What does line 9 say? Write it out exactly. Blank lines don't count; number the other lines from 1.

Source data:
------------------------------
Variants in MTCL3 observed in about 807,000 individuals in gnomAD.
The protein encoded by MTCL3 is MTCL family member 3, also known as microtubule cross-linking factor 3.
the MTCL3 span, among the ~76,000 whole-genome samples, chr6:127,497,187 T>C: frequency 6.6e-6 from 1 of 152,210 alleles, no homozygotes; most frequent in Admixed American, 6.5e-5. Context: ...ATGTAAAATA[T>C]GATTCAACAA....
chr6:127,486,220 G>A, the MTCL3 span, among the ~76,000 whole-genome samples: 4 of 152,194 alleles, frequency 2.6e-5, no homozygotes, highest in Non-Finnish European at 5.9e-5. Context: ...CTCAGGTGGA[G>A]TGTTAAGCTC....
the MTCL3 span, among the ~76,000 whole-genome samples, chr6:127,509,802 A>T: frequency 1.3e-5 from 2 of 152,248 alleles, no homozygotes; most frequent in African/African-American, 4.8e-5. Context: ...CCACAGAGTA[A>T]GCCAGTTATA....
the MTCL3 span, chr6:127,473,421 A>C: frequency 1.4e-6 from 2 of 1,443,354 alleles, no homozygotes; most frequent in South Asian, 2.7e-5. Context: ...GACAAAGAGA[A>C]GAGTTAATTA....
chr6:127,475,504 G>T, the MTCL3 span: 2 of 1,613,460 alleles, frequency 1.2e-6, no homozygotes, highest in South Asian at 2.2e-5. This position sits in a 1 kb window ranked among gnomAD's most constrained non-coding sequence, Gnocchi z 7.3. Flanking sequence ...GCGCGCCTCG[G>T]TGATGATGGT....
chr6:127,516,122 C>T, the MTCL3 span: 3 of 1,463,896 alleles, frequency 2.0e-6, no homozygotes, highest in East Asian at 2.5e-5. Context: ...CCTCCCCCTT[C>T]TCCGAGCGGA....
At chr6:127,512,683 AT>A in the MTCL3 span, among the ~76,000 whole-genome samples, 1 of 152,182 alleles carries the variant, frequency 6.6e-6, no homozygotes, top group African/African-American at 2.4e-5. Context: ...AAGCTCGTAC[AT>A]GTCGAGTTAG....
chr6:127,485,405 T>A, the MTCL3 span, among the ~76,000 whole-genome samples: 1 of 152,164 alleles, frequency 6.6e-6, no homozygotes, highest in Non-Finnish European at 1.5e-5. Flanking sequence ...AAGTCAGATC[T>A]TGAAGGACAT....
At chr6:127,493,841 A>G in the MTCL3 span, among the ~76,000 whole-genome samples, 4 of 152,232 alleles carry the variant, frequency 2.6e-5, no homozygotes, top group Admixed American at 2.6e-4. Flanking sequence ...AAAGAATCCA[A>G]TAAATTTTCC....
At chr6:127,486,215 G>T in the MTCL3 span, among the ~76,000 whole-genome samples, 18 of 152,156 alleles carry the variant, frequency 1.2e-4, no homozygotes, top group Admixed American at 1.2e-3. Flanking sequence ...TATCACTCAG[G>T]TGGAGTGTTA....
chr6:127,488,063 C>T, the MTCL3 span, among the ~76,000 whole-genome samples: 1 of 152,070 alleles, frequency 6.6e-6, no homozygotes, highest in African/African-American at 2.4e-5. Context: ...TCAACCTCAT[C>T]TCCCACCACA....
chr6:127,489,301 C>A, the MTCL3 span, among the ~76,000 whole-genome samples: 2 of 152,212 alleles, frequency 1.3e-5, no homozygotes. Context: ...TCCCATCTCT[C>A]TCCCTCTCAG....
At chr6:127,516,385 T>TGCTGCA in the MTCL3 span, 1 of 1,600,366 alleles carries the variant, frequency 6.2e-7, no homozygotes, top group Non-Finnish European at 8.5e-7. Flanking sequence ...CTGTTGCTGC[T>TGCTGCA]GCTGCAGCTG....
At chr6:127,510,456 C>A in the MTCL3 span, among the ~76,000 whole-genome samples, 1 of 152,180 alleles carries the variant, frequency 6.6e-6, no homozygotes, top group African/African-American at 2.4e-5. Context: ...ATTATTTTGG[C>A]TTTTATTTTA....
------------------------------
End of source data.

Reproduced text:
At chr6:127,512,683 AT>A in the MTCL3 span, among the ~76,000 whole-genome samples, 1 of 152,182 alleles carries the variant, frequency 6.6e-6, no homozygotes, top group African/African-American at 2.4e-5. Context: ...AAGCTCGTAC[AT>A]GTCGAGTTAG....